California bill aims to quiet copter noise
Legislation would order FAA to limit flight paths
LOS ANGELES – It’s a sound that can set windows to rattling, dogs to barking and babies to crying, and it’s one that’s instantly recognizable to pretty much anybody who lives or works in Los Angeles.
It’s that whumpah, whumpah, whumpah sound of helicopter blades tearing through the air, coupled with the steady whine of a powerful aircraft motor hovering right above you.
Depending on where you are, hearing it may mean Charlie Sheen has just left his house, Paris Hilton is headed into a courtroom or some sort of fender-bender has blocked freeway traffic in all directions.
“It sounds like ‘Apocalypse Now,’ ” said Beverly Hills resident Ellen Lutwak, making reference to the famous Vietnam War helicopter scenes from that film.
“I hear it and I know Lindsay Lohan or her friends are in the ’hood,” added Lutwak, who lives down the block from the Beverly Hills courthouse and works at home.
A congressman, spurred on by numerous complaints from constituents, some of them neighbors of Sheen, says it’s time to put a stop to the noise.
“Residents deserve relief from the thunderous clacking of helicopter blades hovering directly over their homes, and instead all they’ve been getting is the runaround from government agencies,” said Rep. Howard Berman, D-Los Angeles, whose district includes Sheen’s neighborhood.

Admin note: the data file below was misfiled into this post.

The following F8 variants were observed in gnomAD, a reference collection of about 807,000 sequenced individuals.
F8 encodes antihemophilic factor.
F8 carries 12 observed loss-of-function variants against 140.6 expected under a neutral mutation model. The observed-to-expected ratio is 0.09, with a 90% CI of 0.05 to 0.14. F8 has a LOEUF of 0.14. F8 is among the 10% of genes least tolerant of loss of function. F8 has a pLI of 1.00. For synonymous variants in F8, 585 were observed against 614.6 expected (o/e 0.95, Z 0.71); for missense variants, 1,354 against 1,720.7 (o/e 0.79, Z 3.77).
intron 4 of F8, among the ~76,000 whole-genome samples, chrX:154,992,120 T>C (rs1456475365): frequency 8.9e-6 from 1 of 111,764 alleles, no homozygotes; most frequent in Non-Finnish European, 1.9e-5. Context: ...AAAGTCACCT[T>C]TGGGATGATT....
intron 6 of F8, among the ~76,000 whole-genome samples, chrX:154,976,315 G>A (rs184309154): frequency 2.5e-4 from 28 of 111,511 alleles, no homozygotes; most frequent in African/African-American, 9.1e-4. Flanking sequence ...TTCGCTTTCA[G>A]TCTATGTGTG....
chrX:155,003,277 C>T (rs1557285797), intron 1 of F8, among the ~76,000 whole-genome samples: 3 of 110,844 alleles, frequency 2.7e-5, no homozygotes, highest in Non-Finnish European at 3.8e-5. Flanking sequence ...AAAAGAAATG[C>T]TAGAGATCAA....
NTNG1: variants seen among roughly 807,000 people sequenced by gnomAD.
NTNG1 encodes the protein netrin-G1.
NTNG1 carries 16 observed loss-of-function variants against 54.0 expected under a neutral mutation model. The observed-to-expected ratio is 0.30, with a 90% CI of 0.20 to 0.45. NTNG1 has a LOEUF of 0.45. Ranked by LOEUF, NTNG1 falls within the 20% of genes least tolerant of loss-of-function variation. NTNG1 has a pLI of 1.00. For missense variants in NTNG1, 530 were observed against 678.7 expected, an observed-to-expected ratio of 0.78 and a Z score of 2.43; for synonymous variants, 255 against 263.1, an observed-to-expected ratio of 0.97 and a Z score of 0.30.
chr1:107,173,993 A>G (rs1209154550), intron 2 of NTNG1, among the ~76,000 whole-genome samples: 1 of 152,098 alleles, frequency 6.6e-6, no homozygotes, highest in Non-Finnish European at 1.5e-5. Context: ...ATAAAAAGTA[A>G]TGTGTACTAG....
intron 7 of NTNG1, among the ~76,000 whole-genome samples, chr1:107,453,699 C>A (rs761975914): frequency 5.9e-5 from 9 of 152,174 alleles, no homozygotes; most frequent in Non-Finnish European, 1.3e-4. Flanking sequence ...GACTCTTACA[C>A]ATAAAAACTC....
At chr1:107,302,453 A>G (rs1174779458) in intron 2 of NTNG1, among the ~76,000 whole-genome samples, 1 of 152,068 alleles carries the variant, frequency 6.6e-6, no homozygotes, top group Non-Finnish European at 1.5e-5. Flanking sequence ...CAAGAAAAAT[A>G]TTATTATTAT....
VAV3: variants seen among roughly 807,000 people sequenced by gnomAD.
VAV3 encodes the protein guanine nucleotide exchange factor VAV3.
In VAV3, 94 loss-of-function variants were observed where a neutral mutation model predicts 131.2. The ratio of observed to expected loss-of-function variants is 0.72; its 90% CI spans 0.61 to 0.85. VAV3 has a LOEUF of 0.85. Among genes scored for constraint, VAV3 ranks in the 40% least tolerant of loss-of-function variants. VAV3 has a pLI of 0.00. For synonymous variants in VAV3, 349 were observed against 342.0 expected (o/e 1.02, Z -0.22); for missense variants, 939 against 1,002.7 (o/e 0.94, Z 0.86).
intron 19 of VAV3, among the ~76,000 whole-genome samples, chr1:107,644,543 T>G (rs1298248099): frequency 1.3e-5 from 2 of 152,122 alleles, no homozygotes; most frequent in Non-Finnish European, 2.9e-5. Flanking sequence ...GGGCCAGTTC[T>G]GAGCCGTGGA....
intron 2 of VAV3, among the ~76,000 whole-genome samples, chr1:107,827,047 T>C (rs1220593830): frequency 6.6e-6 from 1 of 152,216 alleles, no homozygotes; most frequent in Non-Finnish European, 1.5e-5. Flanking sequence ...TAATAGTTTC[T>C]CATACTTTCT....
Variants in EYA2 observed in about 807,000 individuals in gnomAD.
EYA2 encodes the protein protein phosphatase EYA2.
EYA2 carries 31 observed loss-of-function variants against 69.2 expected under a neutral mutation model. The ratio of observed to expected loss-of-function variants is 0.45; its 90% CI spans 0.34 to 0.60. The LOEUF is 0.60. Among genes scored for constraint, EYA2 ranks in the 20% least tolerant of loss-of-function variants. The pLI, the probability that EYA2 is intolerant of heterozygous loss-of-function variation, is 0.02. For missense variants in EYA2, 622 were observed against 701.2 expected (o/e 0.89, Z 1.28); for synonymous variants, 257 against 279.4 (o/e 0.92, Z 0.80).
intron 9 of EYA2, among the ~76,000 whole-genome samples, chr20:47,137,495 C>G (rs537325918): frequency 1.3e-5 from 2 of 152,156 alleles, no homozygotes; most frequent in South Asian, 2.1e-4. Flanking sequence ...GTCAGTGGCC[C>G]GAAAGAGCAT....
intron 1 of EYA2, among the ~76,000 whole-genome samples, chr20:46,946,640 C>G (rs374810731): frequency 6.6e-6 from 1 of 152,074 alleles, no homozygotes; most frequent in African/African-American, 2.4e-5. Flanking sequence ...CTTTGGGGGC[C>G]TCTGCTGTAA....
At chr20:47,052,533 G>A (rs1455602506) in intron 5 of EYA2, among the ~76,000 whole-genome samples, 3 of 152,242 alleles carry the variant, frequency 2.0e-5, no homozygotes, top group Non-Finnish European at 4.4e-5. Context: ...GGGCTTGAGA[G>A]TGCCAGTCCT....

He introduced legislation last week that would order the Federal Aviation Administration to restrict helicopter flight paths and set minimum altitudes. Berman’s bill, however, leaves the hard work of figuring out exactly where those flight paths should go and what the minimum altitudes should be to the FAA itself.
The FAA does have existing rules in place regulating helicopter traffic. Over a congested area, copters are not allowed to fly lower than 1,000 feet above a crowd or the highest obstacle. They can get down to 500 feet in a less-congested area.
The problem, says Richard Close, president of the Sherman Oaks Homeowners Association, is not necessarily one helicopter showing up, but a dozen or more.
His neighborhood got a recent double blast of noise from a small army of choppers.
First, there was the well-documented activity around the home of Sheen when he was fighting with the producers of the TV show “Two and a Half Men,” who eventually fired him. Then there was Carmageddon, the massive traffic jam that was supposed to tie up Close’s neighborhood but really didn’t when a nearby freeway was shut down for repair work earlier this month.
“During Carmageddon it was day and night, nonstop. And it was not one or two helicopters,” Close said. “It was 10, 15, even worse.”
Larry Welk, a veteran TV news reporter and president of the Professional Helicopter Pilots Association, said he doesn’t believe Berman’s bill, if it passes, will have much effect on quieting neighborhoods. He noted it would exempt all military, emergency and medical helicopters, which he said make up most of the chopper traffic over Los Angeles.
As for news helicopters, Welk said their ranks have actually decreased in recent years as the economy has soured.
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